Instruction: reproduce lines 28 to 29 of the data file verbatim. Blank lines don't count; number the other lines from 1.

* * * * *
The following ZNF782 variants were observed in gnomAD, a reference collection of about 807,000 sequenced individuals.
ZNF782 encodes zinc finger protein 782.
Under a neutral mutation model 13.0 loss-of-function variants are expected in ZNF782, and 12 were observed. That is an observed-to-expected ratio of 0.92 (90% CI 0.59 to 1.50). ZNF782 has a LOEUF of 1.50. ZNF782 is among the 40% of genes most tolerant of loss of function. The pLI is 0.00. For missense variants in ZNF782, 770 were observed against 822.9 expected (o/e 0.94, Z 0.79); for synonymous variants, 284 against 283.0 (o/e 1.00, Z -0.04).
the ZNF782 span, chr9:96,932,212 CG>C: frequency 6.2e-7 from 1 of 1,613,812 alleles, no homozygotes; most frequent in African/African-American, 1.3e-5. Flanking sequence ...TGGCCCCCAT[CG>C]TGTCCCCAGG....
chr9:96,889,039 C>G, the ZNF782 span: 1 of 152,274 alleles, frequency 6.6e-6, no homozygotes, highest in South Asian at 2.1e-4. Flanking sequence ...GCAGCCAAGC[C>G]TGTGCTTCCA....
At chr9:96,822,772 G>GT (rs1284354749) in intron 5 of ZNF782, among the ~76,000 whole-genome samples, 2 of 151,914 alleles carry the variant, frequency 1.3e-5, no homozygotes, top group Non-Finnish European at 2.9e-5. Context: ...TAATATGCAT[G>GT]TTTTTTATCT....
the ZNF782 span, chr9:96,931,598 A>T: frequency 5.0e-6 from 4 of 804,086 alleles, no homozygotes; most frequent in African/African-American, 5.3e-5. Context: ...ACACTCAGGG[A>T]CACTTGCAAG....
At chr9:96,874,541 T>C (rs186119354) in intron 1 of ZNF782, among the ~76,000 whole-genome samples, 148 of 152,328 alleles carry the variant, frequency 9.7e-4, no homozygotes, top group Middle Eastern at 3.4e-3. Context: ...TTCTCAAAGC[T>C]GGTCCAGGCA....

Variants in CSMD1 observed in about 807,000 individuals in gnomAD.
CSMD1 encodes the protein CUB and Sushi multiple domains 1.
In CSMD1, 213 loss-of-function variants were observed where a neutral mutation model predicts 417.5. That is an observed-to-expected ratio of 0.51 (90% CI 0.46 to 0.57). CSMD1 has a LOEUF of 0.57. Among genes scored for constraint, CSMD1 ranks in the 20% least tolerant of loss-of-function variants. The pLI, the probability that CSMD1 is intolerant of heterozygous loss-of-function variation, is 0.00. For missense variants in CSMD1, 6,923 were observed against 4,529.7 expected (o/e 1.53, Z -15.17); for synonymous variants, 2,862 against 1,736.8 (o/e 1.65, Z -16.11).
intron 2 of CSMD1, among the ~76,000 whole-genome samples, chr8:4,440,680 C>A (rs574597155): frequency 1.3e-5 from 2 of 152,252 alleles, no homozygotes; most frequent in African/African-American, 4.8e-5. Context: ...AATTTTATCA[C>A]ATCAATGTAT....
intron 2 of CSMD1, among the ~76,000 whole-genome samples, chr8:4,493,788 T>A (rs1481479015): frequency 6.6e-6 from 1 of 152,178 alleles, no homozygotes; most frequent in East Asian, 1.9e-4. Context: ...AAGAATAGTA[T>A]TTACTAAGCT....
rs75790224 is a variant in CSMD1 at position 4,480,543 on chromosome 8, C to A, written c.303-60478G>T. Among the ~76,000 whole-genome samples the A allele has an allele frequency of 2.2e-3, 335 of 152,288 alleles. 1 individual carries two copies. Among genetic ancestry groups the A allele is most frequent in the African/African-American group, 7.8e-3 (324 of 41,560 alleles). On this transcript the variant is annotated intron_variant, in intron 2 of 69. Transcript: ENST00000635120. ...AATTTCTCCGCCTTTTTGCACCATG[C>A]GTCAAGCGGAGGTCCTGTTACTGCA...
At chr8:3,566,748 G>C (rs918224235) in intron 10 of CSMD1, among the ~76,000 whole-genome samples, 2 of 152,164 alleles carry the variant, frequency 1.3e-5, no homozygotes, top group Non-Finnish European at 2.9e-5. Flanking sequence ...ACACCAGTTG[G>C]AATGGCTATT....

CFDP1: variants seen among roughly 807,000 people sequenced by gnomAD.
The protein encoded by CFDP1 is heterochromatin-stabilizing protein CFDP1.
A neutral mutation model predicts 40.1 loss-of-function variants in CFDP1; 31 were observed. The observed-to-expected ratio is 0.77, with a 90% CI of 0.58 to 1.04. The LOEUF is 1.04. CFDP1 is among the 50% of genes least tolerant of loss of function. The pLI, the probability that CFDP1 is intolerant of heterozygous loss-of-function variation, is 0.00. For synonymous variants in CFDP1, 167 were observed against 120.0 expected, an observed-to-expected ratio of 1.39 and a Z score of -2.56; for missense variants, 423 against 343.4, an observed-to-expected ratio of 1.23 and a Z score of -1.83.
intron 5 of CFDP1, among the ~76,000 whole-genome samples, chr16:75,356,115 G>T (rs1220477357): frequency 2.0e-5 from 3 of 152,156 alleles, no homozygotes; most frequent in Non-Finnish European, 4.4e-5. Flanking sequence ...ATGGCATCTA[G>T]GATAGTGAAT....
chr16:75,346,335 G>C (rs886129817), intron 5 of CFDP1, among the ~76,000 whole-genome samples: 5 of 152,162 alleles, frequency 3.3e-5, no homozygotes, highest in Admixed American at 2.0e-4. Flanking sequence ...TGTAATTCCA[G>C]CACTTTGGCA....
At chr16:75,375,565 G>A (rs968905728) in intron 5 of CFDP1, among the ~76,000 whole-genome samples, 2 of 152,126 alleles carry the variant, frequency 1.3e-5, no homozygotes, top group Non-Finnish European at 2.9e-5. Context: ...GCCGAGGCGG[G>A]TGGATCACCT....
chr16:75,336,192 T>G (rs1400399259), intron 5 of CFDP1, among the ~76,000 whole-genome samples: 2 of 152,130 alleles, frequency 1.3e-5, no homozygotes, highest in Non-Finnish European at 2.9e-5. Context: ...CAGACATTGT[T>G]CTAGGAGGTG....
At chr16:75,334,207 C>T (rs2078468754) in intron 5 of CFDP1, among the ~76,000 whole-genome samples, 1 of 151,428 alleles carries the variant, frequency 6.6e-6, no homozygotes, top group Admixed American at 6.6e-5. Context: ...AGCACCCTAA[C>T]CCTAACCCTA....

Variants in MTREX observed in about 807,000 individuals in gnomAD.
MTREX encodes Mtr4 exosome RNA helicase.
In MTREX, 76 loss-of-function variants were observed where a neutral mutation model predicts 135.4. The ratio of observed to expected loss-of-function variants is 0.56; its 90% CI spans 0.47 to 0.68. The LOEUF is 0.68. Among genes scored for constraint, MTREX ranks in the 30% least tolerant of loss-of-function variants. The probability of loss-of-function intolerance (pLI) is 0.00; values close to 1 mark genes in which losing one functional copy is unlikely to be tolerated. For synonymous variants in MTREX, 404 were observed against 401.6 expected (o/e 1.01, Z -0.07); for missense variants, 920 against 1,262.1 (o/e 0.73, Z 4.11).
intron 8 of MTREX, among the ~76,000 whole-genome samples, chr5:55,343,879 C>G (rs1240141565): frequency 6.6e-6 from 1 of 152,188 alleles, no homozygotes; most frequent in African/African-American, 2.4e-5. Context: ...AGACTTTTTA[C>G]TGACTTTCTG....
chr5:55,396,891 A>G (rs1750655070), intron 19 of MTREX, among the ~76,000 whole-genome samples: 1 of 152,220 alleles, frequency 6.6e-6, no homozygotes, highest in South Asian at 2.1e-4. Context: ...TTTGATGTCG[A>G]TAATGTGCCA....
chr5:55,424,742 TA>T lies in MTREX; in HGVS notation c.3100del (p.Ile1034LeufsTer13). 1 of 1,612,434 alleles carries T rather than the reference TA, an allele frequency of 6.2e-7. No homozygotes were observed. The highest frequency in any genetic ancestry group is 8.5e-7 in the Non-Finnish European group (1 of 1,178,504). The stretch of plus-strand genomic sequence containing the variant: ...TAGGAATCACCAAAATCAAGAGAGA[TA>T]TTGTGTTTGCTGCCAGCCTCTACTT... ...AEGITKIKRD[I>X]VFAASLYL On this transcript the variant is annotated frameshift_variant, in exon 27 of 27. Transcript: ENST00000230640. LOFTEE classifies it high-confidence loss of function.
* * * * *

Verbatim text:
chr5:55,396,891 A>G (rs1750655070), intron 19 of MTREX, among the ~76,000 whole-genome samples: 1 of 152,220 alleles, frequency 6.6e-6, no homozygotes, highest in South Asian at 2.1e-4. Context: ...TTTGATGTCG[A>G]TAATGTGCCA....
chr5:55,424,742 TA>T lies in MTREX; in HGVS notation c.3100del (p.Ile1034LeufsTer13). 1 of 1,612,434 alleles carries T rather than the reference TA, an allele frequency of 6.2e-7. No homozygotes were observed. The highest frequency in any genetic ancestry group is 8.5e-7 in the Non-Finnish European group (1 of 1,178,504). The stretch of plus-strand genomic sequence containing the variant: ...TAGGAATCACCAAAATCAAGAGAGA[TA>T]TTGTGTTTGCTGCCAGCCTCTACTT... ...AEGITKIKRD[I>X]VFAASLYL On this transcript the variant is annotated frameshift_variant, in exon 27 of 27. Transcript: ENST00000230640. LOFTEE classifies it high-confidence loss of function.